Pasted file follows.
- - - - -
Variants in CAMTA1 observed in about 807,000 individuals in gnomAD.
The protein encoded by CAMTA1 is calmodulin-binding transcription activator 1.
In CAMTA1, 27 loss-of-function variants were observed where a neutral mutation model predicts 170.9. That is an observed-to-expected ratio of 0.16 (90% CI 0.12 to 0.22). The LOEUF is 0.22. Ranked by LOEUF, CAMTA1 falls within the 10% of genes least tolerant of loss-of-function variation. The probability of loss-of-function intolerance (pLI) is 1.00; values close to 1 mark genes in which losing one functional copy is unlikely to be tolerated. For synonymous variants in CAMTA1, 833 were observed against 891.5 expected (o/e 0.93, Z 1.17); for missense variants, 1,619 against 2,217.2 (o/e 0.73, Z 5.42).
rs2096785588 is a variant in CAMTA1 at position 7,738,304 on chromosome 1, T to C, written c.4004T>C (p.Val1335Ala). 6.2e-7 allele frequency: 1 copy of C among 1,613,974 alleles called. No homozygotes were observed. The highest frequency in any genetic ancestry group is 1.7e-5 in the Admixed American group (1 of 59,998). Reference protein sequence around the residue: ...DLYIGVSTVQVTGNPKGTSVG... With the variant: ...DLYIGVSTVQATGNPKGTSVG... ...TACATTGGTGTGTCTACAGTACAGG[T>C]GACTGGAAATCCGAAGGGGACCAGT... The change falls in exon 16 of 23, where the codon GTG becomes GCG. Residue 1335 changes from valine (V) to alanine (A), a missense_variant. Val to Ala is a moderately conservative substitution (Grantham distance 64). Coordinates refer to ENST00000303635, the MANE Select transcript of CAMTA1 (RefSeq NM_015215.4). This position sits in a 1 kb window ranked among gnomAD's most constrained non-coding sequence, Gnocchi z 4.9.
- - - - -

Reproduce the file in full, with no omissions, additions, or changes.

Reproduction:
Variants in CAMTA1 observed in about 807,000 individuals in gnomAD.
The protein encoded by CAMTA1 is calmodulin-binding transcription activator 1.
In CAMTA1, 27 loss-of-function variants were observed where a neutral mutation model predicts 170.9. That is an observed-to-expected ratio of 0.16 (90% CI 0.12 to 0.22). The LOEUF is 0.22. Ranked by LOEUF, CAMTA1 falls within the 10% of genes least tolerant of loss-of-function variation. The probability of loss-of-function intolerance (pLI) is 1.00; values close to 1 mark genes in which losing one functional copy is unlikely to be tolerated. For synonymous variants in CAMTA1, 833 were observed against 891.5 expected (o/e 0.93, Z 1.17); for missense variants, 1,619 against 2,217.2 (o/e 0.73, Z 5.42).
rs2096785588 is a variant in CAMTA1 at position 7,738,304 on chromosome 1, T to C, written c.4004T>C (p.Val1335Ala). 6.2e-7 allele frequency: 1 copy of C among 1,613,974 alleles called. No homozygotes were observed. The highest frequency in any genetic ancestry group is 1.7e-5 in the Admixed American group (1 of 59,998). Reference protein sequence around the residue: ...DLYIGVSTVQVTGNPKGTSVG... With the variant: ...DLYIGVSTVQATGNPKGTSVG... ...TACATTGGTGTGTCTACAGTACAGG[T>C]GACTGGAAATCCGAAGGGGACCAGT... The change falls in exon 16 of 23, where the codon GTG becomes GCG. Residue 1335 changes from valine (V) to alanine (A), a missense_variant. Val to Ala is a moderately conservative substitution (Grantham distance 64). Coordinates refer to ENST00000303635, the MANE Select transcript of CAMTA1 (RefSeq NM_015215.4). This position sits in a 1 kb window ranked among gnomAD's most constrained non-coding sequence, Gnocchi z 4.9.